European Union council adopts copyright directive

EU Approves Controversial Copyright Directive

EU Approves Controversial Copyright Directive

Poland had been one of a handful of member states who voted against the plans, along with Italy, Finland, Luxembourg, the Netherlands, and Sweden. The new rules were first proposed nearly three years ago and member states have two years before they need to add the directive into their national legislation.

For example, the the bargaining position of press publishers are strengthened under the new law when they negotiate the use of their content by online services.

All of the aforementioned countries, bar Sweden, had committed to a joint statement ahead of the vote, saying that the directive "does not strike the right balance between the protection of rights holders and the interests of European Union citizens and companies". The search engine giant feared that takedown requests would turn the web into a ghost town.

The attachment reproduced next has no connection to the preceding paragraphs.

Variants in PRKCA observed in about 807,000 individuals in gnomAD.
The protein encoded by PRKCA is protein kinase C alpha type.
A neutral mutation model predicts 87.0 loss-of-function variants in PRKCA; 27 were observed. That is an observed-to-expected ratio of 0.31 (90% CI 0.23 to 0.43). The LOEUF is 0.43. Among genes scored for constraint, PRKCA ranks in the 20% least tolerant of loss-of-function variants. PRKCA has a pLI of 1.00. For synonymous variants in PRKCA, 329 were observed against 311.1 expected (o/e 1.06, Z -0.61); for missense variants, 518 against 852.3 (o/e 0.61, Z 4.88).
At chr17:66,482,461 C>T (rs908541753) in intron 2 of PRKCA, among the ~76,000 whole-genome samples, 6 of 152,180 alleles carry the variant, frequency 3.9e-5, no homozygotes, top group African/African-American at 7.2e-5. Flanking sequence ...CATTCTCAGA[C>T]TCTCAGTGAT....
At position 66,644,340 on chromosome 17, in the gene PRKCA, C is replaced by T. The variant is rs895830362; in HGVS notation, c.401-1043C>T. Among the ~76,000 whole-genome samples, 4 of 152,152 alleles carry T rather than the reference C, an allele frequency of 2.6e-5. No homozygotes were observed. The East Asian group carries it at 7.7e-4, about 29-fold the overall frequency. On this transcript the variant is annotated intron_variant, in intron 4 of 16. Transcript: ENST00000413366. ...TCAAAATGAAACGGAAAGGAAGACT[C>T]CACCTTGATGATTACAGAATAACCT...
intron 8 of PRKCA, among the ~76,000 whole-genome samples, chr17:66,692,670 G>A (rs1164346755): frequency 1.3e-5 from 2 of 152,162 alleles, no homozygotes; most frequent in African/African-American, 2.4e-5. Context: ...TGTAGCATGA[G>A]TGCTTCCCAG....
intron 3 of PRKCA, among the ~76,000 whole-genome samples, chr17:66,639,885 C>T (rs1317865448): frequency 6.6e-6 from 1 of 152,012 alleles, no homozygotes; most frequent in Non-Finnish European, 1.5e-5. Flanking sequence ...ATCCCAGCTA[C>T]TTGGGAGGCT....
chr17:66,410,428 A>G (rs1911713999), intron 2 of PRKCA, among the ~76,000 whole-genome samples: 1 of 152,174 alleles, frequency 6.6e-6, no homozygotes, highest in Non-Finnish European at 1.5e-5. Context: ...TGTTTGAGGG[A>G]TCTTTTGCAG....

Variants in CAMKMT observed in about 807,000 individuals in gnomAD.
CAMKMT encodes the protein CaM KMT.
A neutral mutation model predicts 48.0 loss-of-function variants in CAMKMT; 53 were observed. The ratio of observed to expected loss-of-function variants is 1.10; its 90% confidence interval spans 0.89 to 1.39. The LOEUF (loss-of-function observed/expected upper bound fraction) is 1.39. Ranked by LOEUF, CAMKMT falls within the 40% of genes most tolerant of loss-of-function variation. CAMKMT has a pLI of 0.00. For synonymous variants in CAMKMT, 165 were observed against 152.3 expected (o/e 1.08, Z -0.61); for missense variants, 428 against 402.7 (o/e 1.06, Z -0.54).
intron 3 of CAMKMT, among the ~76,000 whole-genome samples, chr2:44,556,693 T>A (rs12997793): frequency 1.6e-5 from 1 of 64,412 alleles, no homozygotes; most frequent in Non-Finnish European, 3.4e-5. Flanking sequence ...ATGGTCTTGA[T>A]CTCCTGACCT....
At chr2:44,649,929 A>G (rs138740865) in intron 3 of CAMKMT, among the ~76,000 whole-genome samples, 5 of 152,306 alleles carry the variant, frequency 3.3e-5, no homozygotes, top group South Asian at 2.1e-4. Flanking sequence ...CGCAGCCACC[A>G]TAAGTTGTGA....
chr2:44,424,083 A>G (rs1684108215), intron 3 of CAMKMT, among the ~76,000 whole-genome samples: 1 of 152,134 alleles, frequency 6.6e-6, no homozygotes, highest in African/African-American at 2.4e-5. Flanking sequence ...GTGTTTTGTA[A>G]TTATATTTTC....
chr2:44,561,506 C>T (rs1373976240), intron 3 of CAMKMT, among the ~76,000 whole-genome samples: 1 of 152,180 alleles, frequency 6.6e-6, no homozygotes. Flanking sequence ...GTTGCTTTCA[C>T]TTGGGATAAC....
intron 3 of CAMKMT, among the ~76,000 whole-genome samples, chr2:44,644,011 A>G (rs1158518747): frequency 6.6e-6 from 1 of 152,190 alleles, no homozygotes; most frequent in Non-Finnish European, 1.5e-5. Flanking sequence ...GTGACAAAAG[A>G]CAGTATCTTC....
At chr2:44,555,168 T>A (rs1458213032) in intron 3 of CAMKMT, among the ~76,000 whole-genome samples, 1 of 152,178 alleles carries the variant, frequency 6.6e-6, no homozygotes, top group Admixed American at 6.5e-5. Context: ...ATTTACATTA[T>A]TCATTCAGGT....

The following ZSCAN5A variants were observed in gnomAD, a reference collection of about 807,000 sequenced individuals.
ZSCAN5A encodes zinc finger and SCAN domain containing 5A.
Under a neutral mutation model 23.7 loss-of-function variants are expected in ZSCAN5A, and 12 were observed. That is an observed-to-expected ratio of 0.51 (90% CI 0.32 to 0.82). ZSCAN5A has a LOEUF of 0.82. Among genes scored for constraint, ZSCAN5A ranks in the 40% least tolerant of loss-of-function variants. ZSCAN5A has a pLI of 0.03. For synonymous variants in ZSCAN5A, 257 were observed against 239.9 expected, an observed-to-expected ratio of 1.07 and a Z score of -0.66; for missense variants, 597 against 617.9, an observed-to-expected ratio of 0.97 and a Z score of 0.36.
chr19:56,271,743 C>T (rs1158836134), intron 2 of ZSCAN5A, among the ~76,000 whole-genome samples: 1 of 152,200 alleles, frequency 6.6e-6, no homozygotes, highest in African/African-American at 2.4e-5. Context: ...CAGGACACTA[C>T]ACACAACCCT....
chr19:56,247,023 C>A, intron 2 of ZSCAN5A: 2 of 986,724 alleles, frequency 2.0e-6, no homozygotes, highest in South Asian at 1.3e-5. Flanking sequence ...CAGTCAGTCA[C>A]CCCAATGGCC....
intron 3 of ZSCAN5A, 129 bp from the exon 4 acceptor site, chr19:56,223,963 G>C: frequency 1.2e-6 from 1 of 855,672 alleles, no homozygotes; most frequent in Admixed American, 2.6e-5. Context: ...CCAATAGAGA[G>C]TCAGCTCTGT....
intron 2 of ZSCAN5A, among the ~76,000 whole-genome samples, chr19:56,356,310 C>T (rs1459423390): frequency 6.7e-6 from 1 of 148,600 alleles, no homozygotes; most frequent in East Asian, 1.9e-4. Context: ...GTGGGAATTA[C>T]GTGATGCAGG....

Google's YouTube, Facebook's Instagram, and other sharing platforms will also have to install filters to prevent users from uploading copyrighted materials.

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"This is a milestone for the development of a robust and well-functioning digital single market". Moreover, they will benefit from enhanced safeguards linked to the freedom of expression when they upload videos that contain rights holders' content, memes or parodies. Supporters of the reforms, along with the European Commission, suggest that the new rules will ensure fair remuneration for those producing content displayed online.

However, there remained a degree of controversy over the reform, with particular attention directed at Articles 17 and 15.

The countries said the final text of the directive was a step back for the digital single market and fails to deliver on its aims of stimulating innovation, creativity, investment and production of new content.

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